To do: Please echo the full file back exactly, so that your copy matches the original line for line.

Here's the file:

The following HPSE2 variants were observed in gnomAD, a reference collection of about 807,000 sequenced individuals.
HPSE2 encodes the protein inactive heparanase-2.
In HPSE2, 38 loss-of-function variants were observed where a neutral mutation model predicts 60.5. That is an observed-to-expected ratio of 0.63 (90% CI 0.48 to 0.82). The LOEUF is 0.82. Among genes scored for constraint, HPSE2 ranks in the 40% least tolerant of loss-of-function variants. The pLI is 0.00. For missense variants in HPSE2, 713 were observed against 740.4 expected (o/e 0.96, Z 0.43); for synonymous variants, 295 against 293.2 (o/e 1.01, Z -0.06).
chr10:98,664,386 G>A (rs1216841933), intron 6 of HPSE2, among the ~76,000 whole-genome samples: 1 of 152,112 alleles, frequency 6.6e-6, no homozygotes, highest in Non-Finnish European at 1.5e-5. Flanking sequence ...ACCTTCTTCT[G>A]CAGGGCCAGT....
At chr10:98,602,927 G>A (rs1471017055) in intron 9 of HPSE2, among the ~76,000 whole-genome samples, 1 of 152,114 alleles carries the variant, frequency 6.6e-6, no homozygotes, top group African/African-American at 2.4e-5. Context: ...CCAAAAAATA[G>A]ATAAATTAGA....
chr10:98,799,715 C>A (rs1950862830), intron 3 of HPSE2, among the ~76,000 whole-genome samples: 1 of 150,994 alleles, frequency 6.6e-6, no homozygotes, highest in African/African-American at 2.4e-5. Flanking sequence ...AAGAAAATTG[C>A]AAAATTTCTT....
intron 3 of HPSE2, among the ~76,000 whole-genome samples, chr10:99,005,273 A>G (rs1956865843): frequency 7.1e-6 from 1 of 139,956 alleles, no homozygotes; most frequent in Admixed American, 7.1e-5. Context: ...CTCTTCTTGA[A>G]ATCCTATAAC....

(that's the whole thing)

The following HPSE2 variants were observed in gnomAD, a reference collection of about 807,000 sequenced individuals.
HPSE2 encodes the protein inactive heparanase-2.
In HPSE2, 38 loss-of-function variants were observed where a neutral mutation model predicts 60.5. That is an observed-to-expected ratio of 0.63 (90% CI 0.48 to 0.82). The LOEUF is 0.82. Among genes scored for constraint, HPSE2 ranks in the 40% least tolerant of loss-of-function variants. The pLI is 0.00. For missense variants in HPSE2, 713 were observed against 740.4 expected (o/e 0.96, Z 0.43); for synonymous variants, 295 against 293.2 (o/e 1.01, Z -0.06).
chr10:98,664,386 G>A (rs1216841933), intron 6 of HPSE2, among the ~76,000 whole-genome samples: 1 of 152,112 alleles, frequency 6.6e-6, no homozygotes, highest in Non-Finnish European at 1.5e-5. Flanking sequence ...ACCTTCTTCT[G>A]CAGGGCCAGT....
At chr10:98,602,927 G>A (rs1471017055) in intron 9 of HPSE2, among the ~76,000 whole-genome samples, 1 of 152,114 alleles carries the variant, frequency 6.6e-6, no homozygotes, top group African/African-American at 2.4e-5. Context: ...CCAAAAAATA[G>A]ATAAATTAGA....
chr10:98,799,715 C>A (rs1950862830), intron 3 of HPSE2, among the ~76,000 whole-genome samples: 1 of 150,994 alleles, frequency 6.6e-6, no homozygotes, highest in African/African-American at 2.4e-5. Flanking sequence ...AAGAAAATTG[C>A]AAAATTTCTT....
intron 3 of HPSE2, among the ~76,000 whole-genome samples, chr10:99,005,273 A>G (rs1956865843): frequency 7.1e-6 from 1 of 139,956 alleles, no homozygotes; most frequent in Admixed American, 7.1e-5. Context: ...CTCTTCTTGA[A>G]ATCCTATAAC....